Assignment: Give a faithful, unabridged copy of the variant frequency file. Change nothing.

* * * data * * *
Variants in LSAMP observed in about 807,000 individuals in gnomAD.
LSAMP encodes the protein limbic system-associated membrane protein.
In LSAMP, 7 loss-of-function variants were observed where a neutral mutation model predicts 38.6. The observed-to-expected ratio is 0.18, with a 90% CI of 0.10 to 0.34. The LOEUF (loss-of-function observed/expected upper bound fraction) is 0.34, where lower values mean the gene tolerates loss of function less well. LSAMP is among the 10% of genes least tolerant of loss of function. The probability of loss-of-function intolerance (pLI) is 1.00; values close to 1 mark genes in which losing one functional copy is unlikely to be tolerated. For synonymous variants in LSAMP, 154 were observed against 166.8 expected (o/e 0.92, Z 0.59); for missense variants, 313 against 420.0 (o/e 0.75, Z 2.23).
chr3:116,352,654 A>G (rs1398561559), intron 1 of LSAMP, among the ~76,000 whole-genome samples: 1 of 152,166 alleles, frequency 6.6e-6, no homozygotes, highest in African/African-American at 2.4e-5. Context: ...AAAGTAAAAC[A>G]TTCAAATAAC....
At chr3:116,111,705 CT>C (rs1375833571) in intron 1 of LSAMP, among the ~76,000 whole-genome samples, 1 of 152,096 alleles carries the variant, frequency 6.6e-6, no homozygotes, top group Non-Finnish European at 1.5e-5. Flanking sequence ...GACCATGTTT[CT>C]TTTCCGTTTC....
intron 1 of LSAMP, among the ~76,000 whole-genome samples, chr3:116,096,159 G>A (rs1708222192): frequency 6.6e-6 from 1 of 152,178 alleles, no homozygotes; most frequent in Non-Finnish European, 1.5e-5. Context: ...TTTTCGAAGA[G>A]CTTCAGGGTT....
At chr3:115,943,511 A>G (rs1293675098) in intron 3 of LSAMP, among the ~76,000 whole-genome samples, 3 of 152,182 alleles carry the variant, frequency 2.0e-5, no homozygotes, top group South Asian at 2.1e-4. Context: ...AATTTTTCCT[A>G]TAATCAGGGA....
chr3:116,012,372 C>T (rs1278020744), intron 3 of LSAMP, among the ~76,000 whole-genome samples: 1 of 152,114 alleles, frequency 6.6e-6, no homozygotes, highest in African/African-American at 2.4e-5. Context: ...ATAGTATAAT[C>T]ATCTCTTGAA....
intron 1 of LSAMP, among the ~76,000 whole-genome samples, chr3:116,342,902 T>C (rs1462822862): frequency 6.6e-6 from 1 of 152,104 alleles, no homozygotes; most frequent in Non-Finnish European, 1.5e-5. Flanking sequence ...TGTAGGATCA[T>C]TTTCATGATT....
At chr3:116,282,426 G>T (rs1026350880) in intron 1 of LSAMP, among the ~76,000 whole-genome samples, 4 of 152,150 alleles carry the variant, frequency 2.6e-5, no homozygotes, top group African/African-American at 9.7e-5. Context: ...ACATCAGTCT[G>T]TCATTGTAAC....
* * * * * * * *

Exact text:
Variants in LSAMP observed in about 807,000 individuals in gnomAD.
LSAMP encodes the protein limbic system-associated membrane protein.
In LSAMP, 7 loss-of-function variants were observed where a neutral mutation model predicts 38.6. The observed-to-expected ratio is 0.18, with a 90% CI of 0.10 to 0.34. The LOEUF (loss-of-function observed/expected upper bound fraction) is 0.34, where lower values mean the gene tolerates loss of function less well. LSAMP is among the 10% of genes least tolerant of loss of function. The probability of loss-of-function intolerance (pLI) is 1.00; values close to 1 mark genes in which losing one functional copy is unlikely to be tolerated. For synonymous variants in LSAMP, 154 were observed against 166.8 expected (o/e 0.92, Z 0.59); for missense variants, 313 against 420.0 (o/e 0.75, Z 2.23).
chr3:116,352,654 A>G (rs1398561559), intron 1 of LSAMP, among the ~76,000 whole-genome samples: 1 of 152,166 alleles, frequency 6.6e-6, no homozygotes, highest in African/African-American at 2.4e-5. Context: ...AAAGTAAAAC[A>G]TTCAAATAAC....
At chr3:116,111,705 CT>C (rs1375833571) in intron 1 of LSAMP, among the ~76,000 whole-genome samples, 1 of 152,096 alleles carries the variant, frequency 6.6e-6, no homozygotes, top group Non-Finnish European at 1.5e-5. Flanking sequence ...GACCATGTTT[CT>C]TTTCCGTTTC....
intron 1 of LSAMP, among the ~76,000 whole-genome samples, chr3:116,096,159 G>A (rs1708222192): frequency 6.6e-6 from 1 of 152,178 alleles, no homozygotes; most frequent in Non-Finnish European, 1.5e-5. Context: ...TTTTCGAAGA[G>A]CTTCAGGGTT....
At chr3:115,943,511 A>G (rs1293675098) in intron 3 of LSAMP, among the ~76,000 whole-genome samples, 3 of 152,182 alleles carry the variant, frequency 2.0e-5, no homozygotes, top group South Asian at 2.1e-4. Context: ...AATTTTTCCT[A>G]TAATCAGGGA....
chr3:116,012,372 C>T (rs1278020744), intron 3 of LSAMP, among the ~76,000 whole-genome samples: 1 of 152,114 alleles, frequency 6.6e-6, no homozygotes, highest in African/African-American at 2.4e-5. Context: ...ATAGTATAAT[C>T]ATCTCTTGAA....
intron 1 of LSAMP, among the ~76,000 whole-genome samples, chr3:116,342,902 T>C (rs1462822862): frequency 6.6e-6 from 1 of 152,104 alleles, no homozygotes; most frequent in Non-Finnish European, 1.5e-5. Flanking sequence ...TGTAGGATCA[T>C]TTTCATGATT....
At chr3:116,282,426 G>T (rs1026350880) in intron 1 of LSAMP, among the ~76,000 whole-genome samples, 4 of 152,150 alleles carry the variant, frequency 2.6e-5, no homozygotes, top group African/African-American at 9.7e-5. Context: ...ACATCAGTCT[G>T]TCATTGTAAC....